There was erroneous chatter United had already informed the New York Stock Exchange of Moyes’ departure and called a press conference to confirm it.
United fans reacted to the rumours in a variety of ways. Some felt genuine excitement, some felt relieved to see the back of Moyes, while others felt pangs of guilt that a good man had lost his job.
But almost none of United’s vast army of fans experienced anything approaching disappointment and regret that the Moyes era had apparently come to a premature end.
After that defeat in Athens, the defiance amongst United fans that had marked their poor start to the season gave way to a deeper sense of dissatisfaction.
It wasn’t that United had simply lost the game to the Greeks, but rather how they had gone down so meekly with so little effort and commitment.
There was now a morbid realisation United’s poor form could no longer be classified as a mere blip.
This was now the norm for United. The blip had become a season.
As it stands, United are out of the FA Cup, out of the League Cup, and halfway out of the Champions League.
In the Premier League, they have no realistic hope of finishing inside the top four, currently languishing in sixth place, nine points behind Manchester City who have played two games less.
So far this season, United have only won once in 11 games against the top nine sides in the Premier League.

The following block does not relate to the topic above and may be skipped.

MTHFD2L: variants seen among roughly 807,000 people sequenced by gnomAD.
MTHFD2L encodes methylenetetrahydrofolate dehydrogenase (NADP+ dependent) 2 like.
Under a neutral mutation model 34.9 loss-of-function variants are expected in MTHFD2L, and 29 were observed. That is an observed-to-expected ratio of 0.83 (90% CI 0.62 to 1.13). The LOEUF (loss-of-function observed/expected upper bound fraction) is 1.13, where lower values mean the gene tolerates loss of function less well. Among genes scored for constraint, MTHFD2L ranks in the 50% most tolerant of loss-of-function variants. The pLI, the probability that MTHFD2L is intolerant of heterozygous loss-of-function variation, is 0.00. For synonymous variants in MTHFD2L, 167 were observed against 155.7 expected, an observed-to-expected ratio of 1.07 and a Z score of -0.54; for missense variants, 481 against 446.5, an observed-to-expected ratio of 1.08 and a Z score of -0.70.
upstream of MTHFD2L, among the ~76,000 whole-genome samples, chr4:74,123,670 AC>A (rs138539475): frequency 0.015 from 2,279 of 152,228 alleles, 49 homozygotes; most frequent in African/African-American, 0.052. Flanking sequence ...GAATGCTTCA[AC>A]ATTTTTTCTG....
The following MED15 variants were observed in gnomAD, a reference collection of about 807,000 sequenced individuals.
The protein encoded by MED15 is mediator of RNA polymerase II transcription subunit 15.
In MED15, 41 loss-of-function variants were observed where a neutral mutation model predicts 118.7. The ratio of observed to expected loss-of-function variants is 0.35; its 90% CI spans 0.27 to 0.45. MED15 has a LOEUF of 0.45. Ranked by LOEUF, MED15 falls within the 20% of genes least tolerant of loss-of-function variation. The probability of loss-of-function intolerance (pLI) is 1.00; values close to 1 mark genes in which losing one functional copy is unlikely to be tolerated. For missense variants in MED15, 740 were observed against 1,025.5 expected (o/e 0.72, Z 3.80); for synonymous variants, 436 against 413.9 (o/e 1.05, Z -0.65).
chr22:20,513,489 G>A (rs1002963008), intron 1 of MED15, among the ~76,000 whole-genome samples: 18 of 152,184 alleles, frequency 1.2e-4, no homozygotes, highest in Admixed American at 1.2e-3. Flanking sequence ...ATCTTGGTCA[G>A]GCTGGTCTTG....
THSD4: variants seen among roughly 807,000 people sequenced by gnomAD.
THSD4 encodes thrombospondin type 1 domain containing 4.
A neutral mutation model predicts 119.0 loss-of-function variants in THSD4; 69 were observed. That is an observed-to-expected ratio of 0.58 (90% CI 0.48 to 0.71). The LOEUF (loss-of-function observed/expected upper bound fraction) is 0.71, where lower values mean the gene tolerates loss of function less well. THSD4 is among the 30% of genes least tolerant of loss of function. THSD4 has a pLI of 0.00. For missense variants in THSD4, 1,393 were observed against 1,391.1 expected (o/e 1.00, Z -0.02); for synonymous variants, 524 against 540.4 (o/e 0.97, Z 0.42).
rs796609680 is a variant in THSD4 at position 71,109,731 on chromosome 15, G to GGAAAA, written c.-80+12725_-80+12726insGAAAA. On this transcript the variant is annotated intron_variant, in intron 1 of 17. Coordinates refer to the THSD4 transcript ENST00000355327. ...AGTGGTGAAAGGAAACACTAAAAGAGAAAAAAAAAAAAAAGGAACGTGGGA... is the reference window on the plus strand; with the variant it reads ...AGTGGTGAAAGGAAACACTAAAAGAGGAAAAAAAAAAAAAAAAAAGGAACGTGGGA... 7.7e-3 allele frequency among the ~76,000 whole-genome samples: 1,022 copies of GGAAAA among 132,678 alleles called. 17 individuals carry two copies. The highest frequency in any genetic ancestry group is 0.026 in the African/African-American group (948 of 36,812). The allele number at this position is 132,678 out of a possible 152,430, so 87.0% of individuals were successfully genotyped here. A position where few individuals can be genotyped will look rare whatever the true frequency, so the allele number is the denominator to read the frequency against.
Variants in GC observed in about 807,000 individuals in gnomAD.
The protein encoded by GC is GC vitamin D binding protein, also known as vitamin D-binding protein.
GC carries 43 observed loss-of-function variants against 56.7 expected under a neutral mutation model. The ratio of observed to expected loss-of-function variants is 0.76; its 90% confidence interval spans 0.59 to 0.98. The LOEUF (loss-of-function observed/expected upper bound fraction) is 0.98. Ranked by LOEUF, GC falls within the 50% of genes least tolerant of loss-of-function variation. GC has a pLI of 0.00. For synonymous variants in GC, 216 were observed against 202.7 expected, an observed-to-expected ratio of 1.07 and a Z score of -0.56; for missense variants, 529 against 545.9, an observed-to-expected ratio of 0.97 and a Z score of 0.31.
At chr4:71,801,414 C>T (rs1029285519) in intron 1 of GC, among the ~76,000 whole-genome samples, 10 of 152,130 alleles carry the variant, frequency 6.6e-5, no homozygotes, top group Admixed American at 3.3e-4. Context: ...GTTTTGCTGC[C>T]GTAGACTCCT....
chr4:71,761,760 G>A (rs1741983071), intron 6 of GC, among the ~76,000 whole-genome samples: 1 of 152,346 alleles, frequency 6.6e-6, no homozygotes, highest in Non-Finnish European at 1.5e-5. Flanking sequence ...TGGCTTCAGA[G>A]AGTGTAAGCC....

It is a situation that was completely unimaginable back in August and reflects horribly on David Moyes.
And yet the United manager now has the opportunity to revive United’s season and restore his own battered reputation.
If United win those three games, David Moyes would be safe and have created some much needed momentum for next season.
He would be looking forward to a Champions League quarter-final tie and also have given the United fans some long overdue joy by slaying their two fiercest rivals at Old Trafford and causing serious damage to their title hopes.
Moyes still probably won’t win a trophy this season, but he will have shown he can motivate his side and win the most crucial games.
Above all else, Moyes would finally have given United fans a reason to believe in him.
But if United were to be knocked out of the Champions League and lose to both Liverpool and Manchester City in the space of nine days, then it could signal the beginning of the end of Moyes’ reign.
The tsunami of despair that would come crashing down on Old Trafford in the wake of three consecutive home defeats might be too much for Moyes to survive.
It would make the backlash after that first Olympiakos defeat last month seem like an insignificant ripple.
The majority of United fans have remained supportive of Moyes, but that is bound to evaporate if they were to lose these three games.
The humiliation might be too much to bear, and United fans could decide Moyes has failed this season’s audition and have to go.
Despite their inevitable protestations of support, there must be a voice inside the heads of the owning Glazer family and their executive vice-chairman Ed Woodward that asks, “Have we appointed the right man? Can we afford another season like this?”
Three defeats in nine days would probably provide them with their answer.
What would be the grounds for optimism if Moyes can’t rouse his players to overcome the weakest team left in the Champions League at home, and then properly compete with their two biggest rivals?
United fans won’t see a trophy this season, or even a top four finish, but Moyes has to at least give them some pride back, starting this Sunday against Liverpool.